|Head||Moderately severe (b) Physical or cognitive disabilities that are very serious in nature and mean the person requires constant care.||£219,070 to £282,010|
|Head||Moderate (i) There is an impact personality, the senses with considerable risk of epilepsy and no prospect of employment.||£150,110 to £219,070|
|Head||Moderate (ii) Moderate to modest intellectual impact, such as, not being able to work or the ability to do so majorly decreasing.||£90,720 to £150,110|
|Head||Moderate (iii) Concentration and memory are impacted, there is a small risk of epilepsy and the ability to work is reduced.||£43,060 to £90,720|
|Head||Less severe (d) A good recovery has occurred, allowing the injured person to return to daily life tasks.||£15,320 to £43,060|
Secondly, you might be awarded compensation for any financial losses that are endured as a result of your injuries under special damages. This could include:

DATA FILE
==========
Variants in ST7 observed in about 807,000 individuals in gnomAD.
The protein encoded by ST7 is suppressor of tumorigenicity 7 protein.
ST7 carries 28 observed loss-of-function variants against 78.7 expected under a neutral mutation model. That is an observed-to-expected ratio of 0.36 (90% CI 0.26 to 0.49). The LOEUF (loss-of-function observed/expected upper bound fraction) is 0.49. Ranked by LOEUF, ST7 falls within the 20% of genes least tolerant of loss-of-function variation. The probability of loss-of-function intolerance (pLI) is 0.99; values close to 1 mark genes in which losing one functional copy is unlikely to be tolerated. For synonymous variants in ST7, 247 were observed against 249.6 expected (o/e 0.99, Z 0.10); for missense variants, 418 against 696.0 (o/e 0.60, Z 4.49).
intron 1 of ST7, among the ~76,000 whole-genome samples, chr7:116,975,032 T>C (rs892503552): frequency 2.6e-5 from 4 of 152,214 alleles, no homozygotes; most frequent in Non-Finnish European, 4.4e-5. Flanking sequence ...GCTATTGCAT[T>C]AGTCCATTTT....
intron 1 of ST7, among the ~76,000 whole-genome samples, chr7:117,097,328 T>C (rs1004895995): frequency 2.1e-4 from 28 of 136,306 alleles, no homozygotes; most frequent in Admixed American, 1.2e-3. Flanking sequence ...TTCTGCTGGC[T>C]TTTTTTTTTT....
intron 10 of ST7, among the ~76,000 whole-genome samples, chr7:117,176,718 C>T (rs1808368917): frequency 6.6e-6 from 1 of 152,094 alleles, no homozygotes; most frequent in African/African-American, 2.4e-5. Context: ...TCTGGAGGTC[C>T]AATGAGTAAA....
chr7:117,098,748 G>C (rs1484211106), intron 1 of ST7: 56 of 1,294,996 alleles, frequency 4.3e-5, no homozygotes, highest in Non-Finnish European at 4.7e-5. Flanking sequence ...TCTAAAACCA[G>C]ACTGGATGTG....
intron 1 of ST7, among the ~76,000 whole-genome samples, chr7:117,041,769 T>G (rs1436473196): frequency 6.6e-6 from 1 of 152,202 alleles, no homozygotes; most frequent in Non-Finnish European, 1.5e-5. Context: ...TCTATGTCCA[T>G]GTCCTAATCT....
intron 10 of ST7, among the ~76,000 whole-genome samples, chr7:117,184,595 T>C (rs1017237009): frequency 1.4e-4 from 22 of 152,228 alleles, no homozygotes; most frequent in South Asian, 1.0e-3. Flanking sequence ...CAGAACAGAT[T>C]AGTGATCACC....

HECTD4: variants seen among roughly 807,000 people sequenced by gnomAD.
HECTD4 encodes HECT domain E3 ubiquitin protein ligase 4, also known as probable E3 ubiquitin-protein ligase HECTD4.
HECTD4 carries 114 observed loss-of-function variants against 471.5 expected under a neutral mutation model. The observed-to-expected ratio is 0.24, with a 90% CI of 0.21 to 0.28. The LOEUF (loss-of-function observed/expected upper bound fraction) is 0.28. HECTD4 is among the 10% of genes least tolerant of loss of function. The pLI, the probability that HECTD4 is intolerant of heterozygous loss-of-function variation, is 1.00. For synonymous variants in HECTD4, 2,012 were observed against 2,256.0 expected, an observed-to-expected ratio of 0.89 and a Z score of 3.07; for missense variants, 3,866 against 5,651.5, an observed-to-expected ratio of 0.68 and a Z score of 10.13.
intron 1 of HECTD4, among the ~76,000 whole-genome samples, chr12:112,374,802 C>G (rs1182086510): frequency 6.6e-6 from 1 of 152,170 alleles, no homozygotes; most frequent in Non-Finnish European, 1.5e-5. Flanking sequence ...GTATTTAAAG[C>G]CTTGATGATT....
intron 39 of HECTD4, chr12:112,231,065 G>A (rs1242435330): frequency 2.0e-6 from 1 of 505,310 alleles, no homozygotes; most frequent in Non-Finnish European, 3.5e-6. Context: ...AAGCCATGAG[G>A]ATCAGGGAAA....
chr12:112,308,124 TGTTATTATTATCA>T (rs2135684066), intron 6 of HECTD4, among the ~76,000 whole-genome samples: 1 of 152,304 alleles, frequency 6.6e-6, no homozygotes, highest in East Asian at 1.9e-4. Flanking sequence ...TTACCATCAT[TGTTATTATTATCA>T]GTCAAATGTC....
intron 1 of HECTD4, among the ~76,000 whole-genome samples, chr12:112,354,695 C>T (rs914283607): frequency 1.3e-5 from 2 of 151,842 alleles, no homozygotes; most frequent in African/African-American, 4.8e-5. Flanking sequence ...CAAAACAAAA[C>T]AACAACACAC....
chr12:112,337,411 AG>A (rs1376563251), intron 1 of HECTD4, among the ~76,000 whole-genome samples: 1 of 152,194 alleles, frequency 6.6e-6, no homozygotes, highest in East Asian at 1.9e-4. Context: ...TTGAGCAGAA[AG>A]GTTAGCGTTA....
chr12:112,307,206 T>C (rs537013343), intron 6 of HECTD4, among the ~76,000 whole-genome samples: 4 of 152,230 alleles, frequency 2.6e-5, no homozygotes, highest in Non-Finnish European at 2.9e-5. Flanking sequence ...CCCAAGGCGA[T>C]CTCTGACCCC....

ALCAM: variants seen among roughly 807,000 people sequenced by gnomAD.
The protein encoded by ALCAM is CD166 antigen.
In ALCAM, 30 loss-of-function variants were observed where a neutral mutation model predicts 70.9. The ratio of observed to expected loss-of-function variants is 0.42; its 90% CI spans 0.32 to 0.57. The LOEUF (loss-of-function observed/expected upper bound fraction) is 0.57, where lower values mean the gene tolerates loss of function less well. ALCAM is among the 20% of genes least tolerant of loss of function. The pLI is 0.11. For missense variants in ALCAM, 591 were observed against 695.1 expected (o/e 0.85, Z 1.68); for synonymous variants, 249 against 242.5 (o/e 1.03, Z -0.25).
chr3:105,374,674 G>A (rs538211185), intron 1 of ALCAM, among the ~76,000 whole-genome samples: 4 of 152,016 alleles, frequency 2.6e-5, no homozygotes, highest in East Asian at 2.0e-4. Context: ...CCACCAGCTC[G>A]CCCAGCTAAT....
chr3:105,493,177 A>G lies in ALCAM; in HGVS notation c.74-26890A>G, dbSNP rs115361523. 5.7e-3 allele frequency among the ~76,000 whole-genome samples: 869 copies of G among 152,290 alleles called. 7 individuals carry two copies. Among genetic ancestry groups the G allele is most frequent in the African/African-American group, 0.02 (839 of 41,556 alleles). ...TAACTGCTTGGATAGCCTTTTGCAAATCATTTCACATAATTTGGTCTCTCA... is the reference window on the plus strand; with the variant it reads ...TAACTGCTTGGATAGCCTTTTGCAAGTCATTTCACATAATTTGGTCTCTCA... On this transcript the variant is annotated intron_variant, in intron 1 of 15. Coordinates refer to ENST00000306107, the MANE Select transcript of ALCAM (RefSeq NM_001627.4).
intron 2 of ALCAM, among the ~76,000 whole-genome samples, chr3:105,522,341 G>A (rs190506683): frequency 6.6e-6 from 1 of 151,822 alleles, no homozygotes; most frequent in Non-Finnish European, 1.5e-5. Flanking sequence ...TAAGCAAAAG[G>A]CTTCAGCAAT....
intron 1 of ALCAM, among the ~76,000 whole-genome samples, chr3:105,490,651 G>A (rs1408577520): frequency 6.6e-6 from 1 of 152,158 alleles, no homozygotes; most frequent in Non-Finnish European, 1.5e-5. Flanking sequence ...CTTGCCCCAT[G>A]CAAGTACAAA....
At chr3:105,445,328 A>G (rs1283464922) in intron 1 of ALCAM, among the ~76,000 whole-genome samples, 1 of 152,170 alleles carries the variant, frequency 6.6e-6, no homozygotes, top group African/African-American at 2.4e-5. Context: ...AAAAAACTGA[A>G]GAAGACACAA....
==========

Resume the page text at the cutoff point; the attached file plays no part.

- Travel costs
- Loss of earnings
- Medical expenses
- Care costs
- Home adaptations
How Do The Whiplash Regulations Impact How You Claim?
The way that whiplash claims are made has changed since the 31st of May 2021. If you are a driver or passenger over the age of 18 and your injuries are valued at £5,000 or below, your claim must be made through the government’s Official Injury Claims portal. This is in line with the Whiplash Reform Programme.
The new method means that the tariff in The Whiplash Injury Regulations 2021 will be used to value your whiplash injuries. These tariff amounts may be applicable to claims that aren’t made through the government’s Official Injury Claims portal. This is because they apply to all occupants inside a vehicle. However, any injuries not included in the tariff will be valued in the traditional way.
Our advisors can provide further information on the whiplash reforms and how much compensation you could be owed if your claim succeeds. Call them on the number above.